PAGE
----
This is what you need on your success journey

Slovakian painter Tibor Nagy, in an interview with writer Jeff Sparks, made this interesting comment:

“Over the years I have come to realize a couple of things. I think that the most important aspect is eliminating any obstacles that obstruct my path to seamless realization of a painting. The goal is to have a ‘clear path’ so that the original vision or intention would not get lost in the process.”

Tibor Nagy is a phenomenal painter that blends abstraction and realism in a mix of undertones, brushwork, palette knife layers and scratches.

He is a painter who clearly found his artistic voice and the attention of fellow artists and collectors. His comment above about eliminating obstacles got me thinking.

How seriously do we work on eliminating obstacles in our lives? Do we even know what the obstacles are? I know I haven’t always identified the obstacles standing in my way.

I’ve written articles about time management and the perils of procrastination, but Tibor Nagy’s comment about eliminating obstacles resonated with me.

We use maps to successfully find our destination, so it makes sense to have a clear path in support of our creative or professional vision.

How do we create a clear path to success? How do we realize the ideal we’re dreaming of? How do we reach new creative or professional heights?

What does success mean to you?

The late Stephen Covey, in his best selling book Seven Habits For Highly Successful People, urged us to “Begin with the end in mind.” The reality is, if you don’t know what your goal is, how can you make meaningful progress?

There will be countless obstacles and hardships if you don’t understand and define what success means to you.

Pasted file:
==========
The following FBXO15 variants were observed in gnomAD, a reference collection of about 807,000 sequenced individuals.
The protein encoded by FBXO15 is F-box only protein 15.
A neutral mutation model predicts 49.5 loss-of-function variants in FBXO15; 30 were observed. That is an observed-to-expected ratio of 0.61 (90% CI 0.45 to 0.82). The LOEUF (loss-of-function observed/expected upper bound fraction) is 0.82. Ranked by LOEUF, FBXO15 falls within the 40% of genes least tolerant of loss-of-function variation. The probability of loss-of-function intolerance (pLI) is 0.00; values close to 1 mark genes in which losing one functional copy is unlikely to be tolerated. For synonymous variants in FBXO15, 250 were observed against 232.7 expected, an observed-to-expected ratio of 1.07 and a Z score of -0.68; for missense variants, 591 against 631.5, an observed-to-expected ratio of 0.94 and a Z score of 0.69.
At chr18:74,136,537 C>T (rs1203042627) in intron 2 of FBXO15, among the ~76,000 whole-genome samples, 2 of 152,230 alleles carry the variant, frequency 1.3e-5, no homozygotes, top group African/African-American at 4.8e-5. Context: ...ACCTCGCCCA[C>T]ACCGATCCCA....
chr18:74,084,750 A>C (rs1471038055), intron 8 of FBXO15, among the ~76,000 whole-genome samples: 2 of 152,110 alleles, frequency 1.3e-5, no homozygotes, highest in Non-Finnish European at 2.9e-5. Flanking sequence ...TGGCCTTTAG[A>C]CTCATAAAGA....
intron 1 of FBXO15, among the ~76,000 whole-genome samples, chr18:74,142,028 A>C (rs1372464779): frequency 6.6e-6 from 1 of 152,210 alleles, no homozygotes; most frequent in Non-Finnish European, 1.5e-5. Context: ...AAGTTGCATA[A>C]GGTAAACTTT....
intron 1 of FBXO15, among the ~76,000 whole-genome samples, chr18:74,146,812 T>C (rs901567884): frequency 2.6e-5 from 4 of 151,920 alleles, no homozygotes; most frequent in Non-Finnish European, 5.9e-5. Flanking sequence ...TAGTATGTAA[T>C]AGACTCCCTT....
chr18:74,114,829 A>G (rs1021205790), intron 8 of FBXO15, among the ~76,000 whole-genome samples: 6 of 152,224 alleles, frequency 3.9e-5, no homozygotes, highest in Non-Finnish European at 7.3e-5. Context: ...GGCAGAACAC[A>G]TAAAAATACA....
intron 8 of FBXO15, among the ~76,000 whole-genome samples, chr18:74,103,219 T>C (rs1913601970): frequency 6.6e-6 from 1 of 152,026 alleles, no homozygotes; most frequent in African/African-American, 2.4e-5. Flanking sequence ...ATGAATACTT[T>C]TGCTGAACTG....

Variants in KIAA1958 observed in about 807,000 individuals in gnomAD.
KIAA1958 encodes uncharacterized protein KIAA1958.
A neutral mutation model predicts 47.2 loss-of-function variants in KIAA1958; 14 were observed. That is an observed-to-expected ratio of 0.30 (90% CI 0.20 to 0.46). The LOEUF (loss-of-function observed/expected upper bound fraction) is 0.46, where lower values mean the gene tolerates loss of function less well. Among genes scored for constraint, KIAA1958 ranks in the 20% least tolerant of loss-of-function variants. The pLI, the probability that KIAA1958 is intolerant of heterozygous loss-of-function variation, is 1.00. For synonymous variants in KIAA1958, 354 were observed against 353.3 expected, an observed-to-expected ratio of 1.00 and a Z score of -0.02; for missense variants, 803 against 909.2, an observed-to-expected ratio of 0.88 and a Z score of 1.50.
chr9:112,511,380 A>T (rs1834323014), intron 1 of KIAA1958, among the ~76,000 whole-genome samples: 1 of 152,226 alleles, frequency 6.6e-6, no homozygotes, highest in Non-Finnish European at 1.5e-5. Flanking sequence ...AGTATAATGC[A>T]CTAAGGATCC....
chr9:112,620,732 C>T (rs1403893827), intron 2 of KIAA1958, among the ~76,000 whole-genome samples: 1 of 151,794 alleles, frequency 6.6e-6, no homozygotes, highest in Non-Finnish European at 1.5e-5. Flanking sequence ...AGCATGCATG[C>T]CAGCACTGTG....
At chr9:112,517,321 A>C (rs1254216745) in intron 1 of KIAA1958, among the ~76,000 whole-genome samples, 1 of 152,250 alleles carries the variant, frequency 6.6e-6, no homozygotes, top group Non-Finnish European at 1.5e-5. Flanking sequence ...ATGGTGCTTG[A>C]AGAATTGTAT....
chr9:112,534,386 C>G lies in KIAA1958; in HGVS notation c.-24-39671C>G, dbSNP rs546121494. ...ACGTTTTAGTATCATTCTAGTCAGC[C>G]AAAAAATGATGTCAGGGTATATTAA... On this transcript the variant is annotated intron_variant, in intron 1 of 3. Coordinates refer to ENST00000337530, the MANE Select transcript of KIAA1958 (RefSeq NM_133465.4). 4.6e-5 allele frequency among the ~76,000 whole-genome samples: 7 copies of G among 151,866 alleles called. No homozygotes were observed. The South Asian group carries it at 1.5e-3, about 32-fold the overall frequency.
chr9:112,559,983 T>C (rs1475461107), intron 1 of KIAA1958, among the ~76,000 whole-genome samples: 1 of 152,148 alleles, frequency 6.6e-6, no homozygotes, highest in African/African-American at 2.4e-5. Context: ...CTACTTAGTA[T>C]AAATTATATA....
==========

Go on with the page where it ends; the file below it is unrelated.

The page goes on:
Are you distracted from the obstacles in your life?

Maybe you want to see your artwork in a reputable gallery. Become a New York Times best-selling author. Start your own high tech company.

Whatever it is, take time to define what success means to you. Sculptor and writer Mark Edward Adams wrote about this in his thoughtful essay Define Your Success As An Artist.

Here’s an excerpt:

“If you can clearly state why you started making art and what you hope to accomplish, then you can develop a method to judge your progress. This progress may take the form of the personal satisfaction you take from new work or perhaps how it makes a greater emotional impact on your audience. It is directly related to your personal vision.”

Even if you’re not an artist, you can apply this approach to your work. Ask yourself why you started your profession. What did you hope to accomplish? Are you on course or have you drifted? Do you still have a clear path?

Redesign your studio, redesign your life

Once you have identified your goal, it’s time to vanquish obstacles. Sit down and list all the things that get in your way. For example, is your studio or office designed in a way that’s conducive to working?

You don’t need a dream studio or corner office. Some people use small rooms, closets, or their garage. Others create stellar work from small cubicles.The key is to reduce clutter, have materials laid out, and distractions reduced.